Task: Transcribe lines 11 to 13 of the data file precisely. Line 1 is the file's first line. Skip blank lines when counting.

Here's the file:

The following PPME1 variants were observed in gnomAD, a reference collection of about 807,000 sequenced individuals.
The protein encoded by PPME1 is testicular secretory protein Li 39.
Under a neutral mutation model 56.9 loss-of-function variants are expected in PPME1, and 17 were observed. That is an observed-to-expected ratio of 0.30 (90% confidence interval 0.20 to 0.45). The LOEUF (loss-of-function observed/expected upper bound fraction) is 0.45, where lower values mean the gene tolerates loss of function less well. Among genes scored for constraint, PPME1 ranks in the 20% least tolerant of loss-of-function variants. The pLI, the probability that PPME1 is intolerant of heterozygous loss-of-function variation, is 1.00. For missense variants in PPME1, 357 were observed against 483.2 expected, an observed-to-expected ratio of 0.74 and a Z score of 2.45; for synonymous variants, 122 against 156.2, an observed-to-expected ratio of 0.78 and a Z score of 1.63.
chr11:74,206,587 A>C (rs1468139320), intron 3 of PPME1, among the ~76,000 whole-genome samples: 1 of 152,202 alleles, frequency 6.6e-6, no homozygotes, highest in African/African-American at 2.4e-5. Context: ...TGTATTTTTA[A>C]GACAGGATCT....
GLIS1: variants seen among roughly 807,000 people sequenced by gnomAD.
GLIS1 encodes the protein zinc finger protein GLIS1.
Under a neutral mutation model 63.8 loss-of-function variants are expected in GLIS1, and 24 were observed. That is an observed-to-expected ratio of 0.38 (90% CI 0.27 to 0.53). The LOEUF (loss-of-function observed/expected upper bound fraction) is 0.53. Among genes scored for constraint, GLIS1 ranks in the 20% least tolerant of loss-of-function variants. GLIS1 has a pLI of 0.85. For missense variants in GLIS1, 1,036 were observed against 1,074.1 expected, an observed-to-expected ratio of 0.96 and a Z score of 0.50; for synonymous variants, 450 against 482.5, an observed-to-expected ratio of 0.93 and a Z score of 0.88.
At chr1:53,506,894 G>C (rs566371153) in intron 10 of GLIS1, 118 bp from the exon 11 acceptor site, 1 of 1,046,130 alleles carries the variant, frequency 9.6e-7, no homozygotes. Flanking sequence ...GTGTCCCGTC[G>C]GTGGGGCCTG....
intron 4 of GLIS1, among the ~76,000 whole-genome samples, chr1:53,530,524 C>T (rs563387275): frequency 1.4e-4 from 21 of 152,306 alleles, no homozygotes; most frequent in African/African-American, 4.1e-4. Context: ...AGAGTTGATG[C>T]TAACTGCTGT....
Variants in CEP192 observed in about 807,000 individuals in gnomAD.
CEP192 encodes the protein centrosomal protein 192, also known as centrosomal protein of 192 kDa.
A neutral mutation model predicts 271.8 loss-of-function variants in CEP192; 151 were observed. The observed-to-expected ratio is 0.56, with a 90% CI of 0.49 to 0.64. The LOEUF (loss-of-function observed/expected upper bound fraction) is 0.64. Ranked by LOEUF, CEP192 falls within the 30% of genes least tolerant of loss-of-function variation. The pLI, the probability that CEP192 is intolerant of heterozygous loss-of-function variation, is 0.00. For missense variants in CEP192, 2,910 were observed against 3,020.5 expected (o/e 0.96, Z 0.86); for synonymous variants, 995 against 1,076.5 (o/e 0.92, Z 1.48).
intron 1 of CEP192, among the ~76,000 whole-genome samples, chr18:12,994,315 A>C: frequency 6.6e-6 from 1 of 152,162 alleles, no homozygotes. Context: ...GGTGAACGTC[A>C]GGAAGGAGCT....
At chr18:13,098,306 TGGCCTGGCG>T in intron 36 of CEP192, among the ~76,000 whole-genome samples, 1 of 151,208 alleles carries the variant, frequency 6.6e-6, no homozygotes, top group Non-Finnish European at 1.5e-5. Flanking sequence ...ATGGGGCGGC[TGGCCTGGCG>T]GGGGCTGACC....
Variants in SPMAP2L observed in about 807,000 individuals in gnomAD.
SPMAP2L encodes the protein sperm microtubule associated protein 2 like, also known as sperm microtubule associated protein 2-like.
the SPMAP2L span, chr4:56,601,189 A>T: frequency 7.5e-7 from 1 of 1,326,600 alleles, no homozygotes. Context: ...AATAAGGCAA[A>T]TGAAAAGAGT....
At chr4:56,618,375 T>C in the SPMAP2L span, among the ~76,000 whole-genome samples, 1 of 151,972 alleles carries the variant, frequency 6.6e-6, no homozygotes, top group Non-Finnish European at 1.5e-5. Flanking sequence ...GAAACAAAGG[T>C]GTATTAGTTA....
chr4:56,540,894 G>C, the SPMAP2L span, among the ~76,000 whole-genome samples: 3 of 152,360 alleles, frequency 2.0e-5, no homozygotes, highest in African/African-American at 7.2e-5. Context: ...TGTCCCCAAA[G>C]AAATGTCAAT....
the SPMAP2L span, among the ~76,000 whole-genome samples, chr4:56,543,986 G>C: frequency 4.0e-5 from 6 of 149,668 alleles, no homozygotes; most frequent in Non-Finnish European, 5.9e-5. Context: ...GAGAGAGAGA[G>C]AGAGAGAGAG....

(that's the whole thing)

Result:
CEP192 encodes the protein centrosomal protein 192, also known as centrosomal protein of 192 kDa.
A neutral mutation model predicts 271.8 loss-of-function variants in CEP192; 151 were observed. The observed-to-expected ratio is 0.56, with a 90% CI of 0.49 to 0.64. The LOEUF (loss-of-function observed/expected upper bound fraction) is 0.64. Ranked by LOEUF, CEP192 falls within the 30% of genes least tolerant of loss-of-function variation. The pLI, the probability that CEP192 is intolerant of heterozygous loss-of-function variation, is 0.00. For missense variants in CEP192, 2,910 were observed against 3,020.5 expected (o/e 0.96, Z 0.86); for synonymous variants, 995 against 1,076.5 (o/e 0.92, Z 1.48).
intron 1 of CEP192, among the ~76,000 whole-genome samples, chr18:12,994,315 A>C: frequency 6.6e-6 from 1 of 152,162 alleles, no homozygotes. Context: ...GGTGAACGTC[A>C]GGAAGGAGCT....